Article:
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A vaccine requirement could soon come to a stadium near you

On the same day, New Orleans became the first major US city to announce a vaccine mandate and the Supreme Court upheld a similar requirement for Indiana students.

On Thursday, New Orleans became the first major city in the United States to require proof of vaccination or a negative PCR test to patronize indoor establishments. The mandate came as cases have exploded in the state of Louisiana, far outpacing the rate of vaccinations.

"We really have no choice," mayor LaToya Cantrell said. "The situation is dire."

The mandate applied to New Orleans's most important indoor establishment -- the Superdome.

The Saints announced Thursday they will not protest the mandate. All 74,295 seats will be open, but open only to those who can prove they are vaccinated against and/or negative for COVID-19.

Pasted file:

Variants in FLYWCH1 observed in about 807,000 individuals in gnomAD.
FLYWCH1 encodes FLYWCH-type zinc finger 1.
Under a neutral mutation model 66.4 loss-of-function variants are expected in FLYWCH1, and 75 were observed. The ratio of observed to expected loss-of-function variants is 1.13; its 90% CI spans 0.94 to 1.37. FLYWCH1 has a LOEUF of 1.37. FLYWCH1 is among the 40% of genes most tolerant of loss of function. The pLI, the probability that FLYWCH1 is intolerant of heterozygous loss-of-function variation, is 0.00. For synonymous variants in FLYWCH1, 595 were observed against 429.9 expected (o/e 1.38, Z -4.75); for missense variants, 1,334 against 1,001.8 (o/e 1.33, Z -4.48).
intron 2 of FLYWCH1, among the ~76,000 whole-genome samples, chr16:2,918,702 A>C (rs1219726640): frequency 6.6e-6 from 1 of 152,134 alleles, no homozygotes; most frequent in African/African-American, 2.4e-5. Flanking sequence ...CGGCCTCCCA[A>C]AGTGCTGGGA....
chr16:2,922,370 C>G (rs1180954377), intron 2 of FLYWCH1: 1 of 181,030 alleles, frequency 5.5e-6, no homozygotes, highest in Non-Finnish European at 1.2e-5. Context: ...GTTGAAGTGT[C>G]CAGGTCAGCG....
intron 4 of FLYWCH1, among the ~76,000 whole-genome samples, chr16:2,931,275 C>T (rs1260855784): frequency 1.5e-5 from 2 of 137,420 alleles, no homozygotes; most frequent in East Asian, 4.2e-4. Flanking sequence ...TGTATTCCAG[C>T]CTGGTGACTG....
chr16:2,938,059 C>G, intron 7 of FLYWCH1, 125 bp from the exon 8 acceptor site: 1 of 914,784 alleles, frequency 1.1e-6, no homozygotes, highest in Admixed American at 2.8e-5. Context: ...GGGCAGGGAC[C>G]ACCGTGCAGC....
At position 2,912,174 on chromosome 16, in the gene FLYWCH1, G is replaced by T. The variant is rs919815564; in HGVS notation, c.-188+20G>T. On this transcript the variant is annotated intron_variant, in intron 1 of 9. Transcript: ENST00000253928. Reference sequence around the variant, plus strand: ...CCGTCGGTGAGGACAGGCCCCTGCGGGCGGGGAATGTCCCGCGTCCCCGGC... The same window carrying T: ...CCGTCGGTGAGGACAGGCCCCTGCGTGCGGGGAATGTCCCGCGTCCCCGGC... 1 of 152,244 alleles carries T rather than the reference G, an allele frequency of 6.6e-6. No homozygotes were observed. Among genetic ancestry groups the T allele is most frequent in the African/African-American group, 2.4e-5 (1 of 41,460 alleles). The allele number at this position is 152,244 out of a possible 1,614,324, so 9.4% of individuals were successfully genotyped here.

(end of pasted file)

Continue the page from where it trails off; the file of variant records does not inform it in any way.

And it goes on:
"These rules allow for full capacity on game day, and we must comply with those regulations to safely return to full capacity for the first time in more than a year and a half," the Saints said in a statement. "As required by the City of New Orleans, fans will simply need to show their vaccination card or verified digital proof of vaccination (LA Wallet or other official government sanctioned app) or negative Covid-19 PCR test taken within the prior 72 hours to attend games. Per the Governor's mandate and updated New Orleans regulations, masks will also be required at all times other than when eating or drinking."

Shortly thereafter, Tulane AD Troy Dannen told Yahoo Sports his department will require the same at Yulman Stadium, which is outdoors.

With New Orleans the first out on the limb, others are likely to follow. Already, San Francisco has announced it will require proof of vaccination to enter indoor establishments. 

Furthermore, the Supreme Court ruled Thursday that Indiana University is allowed to require its students to be vaccinated against COVID-19. The catch there is the loophole to receive an exemption is so broad that anyone seeking such an exemption is "virtually guaranteed" to get one. 

Still, the nation's highest court upholding a major state university's vaccine mandate is likely to inspire other public institutions to do the same as we head into our second consecutive fall semester with the coronavirus along for the ride. 

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